GOTHAM is a show with a lot of potential. There are only a handful of episodes that really stand out while the others are contrived and confusing. Sometimes, just like the show’s plotlines, the character motivations are directionless. Fish Mooney (Smith), a character seemingly created for the TV show, is the writers at their worst. Smith manages to chew the scenery well, but her character just seems outlandish, stoic, serious, goofy, and unrealistic, sometimes all within the same episode. There can be a disorganized harmony if the writers of GOTHAM find the right chord, but I’m afraid 22 episodes is too much of a strain, even for some of TV’s best writers.
I don’t really partake in comic book TV shows because I get enough superhero stories at the movies, but DC really pushes the envelope more than Marvel would ever dream of. I’ve heard that the violence on Netflix’s DAREDEVIL is pretty brutal, but GOTHAM manages to be shockingly violent for a FOX program that airs fairly early in the evening. I think if GOTHAM quits focusing on the flash and glamour of being a violent, dumb comic TV show, it has the potential to relax and have a lot of fun. So if it can, then the first season of GOTHAM could be a worthwhile speed bump, albeit it a lengthy one.
Video: (1080p Widescreen 1:78:1) The dire world of GOTHAM is captured on this blu-ray. The picture quality is crystal clear.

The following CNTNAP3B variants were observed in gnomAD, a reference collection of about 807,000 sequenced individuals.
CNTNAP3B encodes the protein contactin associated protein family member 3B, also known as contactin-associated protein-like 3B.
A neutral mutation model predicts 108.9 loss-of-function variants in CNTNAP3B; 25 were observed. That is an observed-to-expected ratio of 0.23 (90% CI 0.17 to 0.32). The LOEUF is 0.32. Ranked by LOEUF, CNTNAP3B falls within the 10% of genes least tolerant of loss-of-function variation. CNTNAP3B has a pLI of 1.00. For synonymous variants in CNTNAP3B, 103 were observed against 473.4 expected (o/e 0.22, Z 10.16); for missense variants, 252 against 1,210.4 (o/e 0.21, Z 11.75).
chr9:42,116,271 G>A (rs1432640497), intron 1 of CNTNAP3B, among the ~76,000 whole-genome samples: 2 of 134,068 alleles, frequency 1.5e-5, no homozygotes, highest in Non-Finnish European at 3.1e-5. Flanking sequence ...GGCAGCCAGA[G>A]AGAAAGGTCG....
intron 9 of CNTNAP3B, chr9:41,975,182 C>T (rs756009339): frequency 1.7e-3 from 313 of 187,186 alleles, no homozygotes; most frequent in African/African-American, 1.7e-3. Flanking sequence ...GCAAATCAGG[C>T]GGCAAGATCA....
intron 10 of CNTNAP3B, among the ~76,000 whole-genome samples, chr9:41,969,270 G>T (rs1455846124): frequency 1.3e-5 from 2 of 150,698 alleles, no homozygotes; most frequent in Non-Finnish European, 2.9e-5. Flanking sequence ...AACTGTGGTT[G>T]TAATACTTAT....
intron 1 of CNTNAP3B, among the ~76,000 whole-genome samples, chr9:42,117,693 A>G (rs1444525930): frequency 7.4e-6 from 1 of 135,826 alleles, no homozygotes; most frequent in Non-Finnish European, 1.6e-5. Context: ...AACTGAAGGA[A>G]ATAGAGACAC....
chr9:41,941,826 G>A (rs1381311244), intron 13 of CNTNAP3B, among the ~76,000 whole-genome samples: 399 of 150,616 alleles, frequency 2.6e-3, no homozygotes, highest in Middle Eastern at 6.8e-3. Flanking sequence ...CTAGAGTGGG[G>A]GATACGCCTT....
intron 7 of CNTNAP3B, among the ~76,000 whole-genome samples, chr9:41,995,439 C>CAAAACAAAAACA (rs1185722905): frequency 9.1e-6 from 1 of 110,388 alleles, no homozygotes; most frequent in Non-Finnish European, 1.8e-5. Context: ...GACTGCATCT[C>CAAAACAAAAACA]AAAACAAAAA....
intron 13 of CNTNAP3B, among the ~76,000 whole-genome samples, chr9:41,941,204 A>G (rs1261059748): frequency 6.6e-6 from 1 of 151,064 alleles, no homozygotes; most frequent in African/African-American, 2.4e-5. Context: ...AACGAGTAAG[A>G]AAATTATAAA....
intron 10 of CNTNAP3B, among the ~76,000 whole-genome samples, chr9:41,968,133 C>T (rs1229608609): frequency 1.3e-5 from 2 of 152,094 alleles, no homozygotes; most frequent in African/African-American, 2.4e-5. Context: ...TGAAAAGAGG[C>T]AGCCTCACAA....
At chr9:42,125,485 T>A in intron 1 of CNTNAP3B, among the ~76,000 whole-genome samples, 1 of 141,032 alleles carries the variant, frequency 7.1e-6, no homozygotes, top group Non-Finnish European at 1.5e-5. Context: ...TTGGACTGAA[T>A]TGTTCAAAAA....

Audio: (English DTS-HD Master Audio 5.1) The city, it’s heroes and villains, and all the action are brought to life on this blu-ray. Dialogue, music, and sound effects are blended together without a single problem.
Gotham Invented (31:28): This is a three-part behind the scenes look at the TV show. The first one, Building Our Gotham, talks with producers about the unspoken character, the city of Gotham. The second part, Paving the Way for the Caped Crusader, takes a look at Batman’s origins as well as how the crime filled-city shapes and grows with Bruce Wayne. The final part, Fractured Villains of Gotham, breaks down the various villains featured in GOTHAM.
GOTHAM: Designing the Fiction (19:56): This is a look at the cinematography and production design that helps create GOTHAM’s bleak look. Also has time to take a look the costumes and props that are used for the show.
The Game of Cobblepot (26:25): A very lengthy feature about GOTHAM’s main villain, the Penguin. We hear from Robin Lord Taylor and others about the evolution of his character on the show and how much of his traits they plucked from the pages of the comic books.
GOTHAM: The Legend Reborn (21:37): This is an in-depth look at the creation of the TV show’s pilot. It’s very interesting look at what goes into a pilot, especially with a show that has so much to live up to, like GOTHAM
DC Comics Night: Comic-Con 2014 (29:31): A feature that pulls all the highlights from the Comic-Con panel that features the cast from the TV shows, GOTHAM, THE FLASH, CONSTANTINE, and ARROW
Character Profiles (15:29): This is a collection of miniature character biographies. It talks with the actors about their character backgrounds and how they evolve through the show. Characters include, Jim Gordon, Bruce Wayne and Alfred Pennyworth, Detective Harvey Bullock, Fish Mooney, Oswald Cobblepot, Dr. Leslie Thompkins, and an assortment of characters in one lump sum that they call, “Killer Characters”.
Gag Reel (4:55): A very out of place gag reel. Not necessarily funny after going over features about how deep and dark the show is.
Deleted Scenes: An array of forgettable deleted scenes from various episodes.